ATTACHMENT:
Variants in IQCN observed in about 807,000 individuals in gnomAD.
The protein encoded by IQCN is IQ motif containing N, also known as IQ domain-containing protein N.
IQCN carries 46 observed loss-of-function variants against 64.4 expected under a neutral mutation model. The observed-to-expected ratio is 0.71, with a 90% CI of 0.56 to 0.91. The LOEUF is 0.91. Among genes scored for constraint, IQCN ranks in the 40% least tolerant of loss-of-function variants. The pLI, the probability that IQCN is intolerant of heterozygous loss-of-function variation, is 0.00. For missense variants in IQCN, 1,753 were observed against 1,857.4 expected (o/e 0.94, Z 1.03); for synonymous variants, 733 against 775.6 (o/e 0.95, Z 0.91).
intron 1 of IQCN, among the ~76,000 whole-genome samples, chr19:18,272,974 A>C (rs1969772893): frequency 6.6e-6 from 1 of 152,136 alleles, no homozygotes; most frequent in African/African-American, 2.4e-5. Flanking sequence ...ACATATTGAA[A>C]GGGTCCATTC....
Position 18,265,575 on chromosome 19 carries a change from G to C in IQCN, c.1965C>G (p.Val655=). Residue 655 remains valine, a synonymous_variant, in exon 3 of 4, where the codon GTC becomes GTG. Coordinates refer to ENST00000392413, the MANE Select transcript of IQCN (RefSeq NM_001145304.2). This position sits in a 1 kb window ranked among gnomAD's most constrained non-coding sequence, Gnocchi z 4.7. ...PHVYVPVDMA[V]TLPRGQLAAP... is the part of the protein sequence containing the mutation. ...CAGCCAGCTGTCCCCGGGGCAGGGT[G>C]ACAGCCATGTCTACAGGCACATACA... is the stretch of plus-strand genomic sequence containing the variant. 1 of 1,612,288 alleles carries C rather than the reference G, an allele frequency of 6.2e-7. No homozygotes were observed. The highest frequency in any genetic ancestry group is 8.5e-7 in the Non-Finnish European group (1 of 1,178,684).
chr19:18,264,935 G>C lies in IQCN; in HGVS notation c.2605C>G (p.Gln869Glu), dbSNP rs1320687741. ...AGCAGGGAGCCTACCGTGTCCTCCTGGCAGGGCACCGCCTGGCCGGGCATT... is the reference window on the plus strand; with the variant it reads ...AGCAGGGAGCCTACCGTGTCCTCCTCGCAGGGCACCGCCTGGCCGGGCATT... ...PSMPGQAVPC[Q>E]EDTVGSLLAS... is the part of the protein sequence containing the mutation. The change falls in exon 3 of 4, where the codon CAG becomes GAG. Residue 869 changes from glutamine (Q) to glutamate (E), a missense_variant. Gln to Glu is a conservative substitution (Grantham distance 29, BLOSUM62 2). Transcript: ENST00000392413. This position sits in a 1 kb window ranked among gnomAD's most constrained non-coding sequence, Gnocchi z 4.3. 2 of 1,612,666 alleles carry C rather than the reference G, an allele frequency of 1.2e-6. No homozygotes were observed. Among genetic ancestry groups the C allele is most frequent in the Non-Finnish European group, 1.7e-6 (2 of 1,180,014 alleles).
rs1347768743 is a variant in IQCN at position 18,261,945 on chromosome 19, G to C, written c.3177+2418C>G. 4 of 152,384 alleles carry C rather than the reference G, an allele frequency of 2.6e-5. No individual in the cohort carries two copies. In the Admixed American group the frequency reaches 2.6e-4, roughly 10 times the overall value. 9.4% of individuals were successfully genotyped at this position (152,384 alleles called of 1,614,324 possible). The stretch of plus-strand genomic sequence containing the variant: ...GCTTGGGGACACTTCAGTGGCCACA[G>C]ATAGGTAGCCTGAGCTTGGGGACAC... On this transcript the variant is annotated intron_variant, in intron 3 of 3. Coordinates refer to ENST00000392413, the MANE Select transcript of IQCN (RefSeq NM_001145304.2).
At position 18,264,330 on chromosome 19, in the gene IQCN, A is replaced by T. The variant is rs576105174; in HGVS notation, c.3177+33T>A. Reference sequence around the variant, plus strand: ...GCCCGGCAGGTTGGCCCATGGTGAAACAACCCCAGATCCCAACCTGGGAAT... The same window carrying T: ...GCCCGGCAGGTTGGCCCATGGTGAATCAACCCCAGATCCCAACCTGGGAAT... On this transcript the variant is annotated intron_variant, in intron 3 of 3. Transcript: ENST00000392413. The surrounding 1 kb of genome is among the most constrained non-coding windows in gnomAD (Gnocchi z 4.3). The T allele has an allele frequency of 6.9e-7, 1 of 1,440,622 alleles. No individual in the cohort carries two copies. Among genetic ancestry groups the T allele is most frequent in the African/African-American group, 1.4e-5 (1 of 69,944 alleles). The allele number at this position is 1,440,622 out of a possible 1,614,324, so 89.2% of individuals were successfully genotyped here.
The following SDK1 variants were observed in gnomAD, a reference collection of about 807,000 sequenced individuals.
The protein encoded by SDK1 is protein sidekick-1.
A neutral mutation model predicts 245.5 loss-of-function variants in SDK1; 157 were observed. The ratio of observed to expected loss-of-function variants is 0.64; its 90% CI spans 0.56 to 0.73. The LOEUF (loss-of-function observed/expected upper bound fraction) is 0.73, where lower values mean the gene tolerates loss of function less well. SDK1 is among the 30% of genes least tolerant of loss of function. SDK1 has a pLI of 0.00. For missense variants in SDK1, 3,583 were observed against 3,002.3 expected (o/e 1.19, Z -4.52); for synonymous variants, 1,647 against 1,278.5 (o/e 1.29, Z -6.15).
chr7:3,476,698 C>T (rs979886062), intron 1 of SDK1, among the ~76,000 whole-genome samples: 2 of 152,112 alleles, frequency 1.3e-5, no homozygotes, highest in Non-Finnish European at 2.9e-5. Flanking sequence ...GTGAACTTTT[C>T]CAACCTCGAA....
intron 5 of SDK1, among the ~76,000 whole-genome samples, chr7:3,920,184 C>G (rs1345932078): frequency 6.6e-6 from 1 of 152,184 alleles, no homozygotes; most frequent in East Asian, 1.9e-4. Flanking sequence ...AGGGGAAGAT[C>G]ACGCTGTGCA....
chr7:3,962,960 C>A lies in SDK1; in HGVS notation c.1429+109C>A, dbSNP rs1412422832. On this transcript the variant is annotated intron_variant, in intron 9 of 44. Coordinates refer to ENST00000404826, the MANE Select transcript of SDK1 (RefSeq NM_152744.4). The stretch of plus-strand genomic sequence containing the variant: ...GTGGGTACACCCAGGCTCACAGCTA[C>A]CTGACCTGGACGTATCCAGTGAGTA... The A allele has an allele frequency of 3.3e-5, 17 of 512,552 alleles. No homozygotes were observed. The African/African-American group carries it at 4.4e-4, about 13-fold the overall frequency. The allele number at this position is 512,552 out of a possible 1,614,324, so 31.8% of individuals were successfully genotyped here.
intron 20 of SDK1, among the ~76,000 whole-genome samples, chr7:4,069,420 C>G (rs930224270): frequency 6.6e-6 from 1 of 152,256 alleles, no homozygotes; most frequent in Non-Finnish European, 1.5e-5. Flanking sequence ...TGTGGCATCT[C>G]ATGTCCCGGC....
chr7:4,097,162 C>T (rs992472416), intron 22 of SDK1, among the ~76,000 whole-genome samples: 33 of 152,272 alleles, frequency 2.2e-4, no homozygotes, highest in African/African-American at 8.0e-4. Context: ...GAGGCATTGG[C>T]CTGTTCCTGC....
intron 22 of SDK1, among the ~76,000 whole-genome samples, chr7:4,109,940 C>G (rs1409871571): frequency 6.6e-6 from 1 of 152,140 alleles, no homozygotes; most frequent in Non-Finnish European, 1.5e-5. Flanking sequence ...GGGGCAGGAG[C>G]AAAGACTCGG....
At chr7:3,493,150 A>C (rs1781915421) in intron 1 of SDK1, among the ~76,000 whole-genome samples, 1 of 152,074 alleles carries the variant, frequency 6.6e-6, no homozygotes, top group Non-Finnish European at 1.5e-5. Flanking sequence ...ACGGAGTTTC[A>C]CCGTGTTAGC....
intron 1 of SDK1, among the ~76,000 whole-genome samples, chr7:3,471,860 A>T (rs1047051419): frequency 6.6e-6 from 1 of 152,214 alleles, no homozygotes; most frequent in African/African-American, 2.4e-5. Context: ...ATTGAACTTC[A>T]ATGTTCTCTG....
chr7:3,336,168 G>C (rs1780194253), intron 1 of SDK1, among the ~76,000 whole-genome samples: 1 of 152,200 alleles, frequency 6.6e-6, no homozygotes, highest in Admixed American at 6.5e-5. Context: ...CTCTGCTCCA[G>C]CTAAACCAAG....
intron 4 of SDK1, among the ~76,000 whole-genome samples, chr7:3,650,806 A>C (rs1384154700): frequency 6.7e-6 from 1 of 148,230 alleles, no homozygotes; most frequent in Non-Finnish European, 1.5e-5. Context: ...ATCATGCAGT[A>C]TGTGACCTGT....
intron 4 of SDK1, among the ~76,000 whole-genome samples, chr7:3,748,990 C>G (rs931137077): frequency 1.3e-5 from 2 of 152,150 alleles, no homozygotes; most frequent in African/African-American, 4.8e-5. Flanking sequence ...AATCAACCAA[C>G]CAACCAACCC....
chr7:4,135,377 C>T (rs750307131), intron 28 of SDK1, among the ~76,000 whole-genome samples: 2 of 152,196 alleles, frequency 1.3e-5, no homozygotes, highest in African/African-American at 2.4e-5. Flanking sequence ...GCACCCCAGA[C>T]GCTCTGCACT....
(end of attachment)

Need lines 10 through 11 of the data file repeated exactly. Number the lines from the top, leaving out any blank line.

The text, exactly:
The protein encoded by SDK1 is protein sidekick-1.
A neutral mutation model predicts 245.5 loss-of-function variants in SDK1; 157 were observed. The ratio of observed to expected loss-of-function variants is 0.64; its 90% CI spans 0.56 to 0.73. The LOEUF (loss-of-function observed/expected upper bound fraction) is 0.73, where lower values mean the gene tolerates loss of function less well. SDK1 is among the 30% of genes least tolerant of loss of function. SDK1 has a pLI of 0.00. For missense variants in SDK1, 3,583 were observed against 3,002.3 expected (o/e 1.19, Z -4.52); for synonymous variants, 1,647 against 1,278.5 (o/e 1.29, Z -6.15).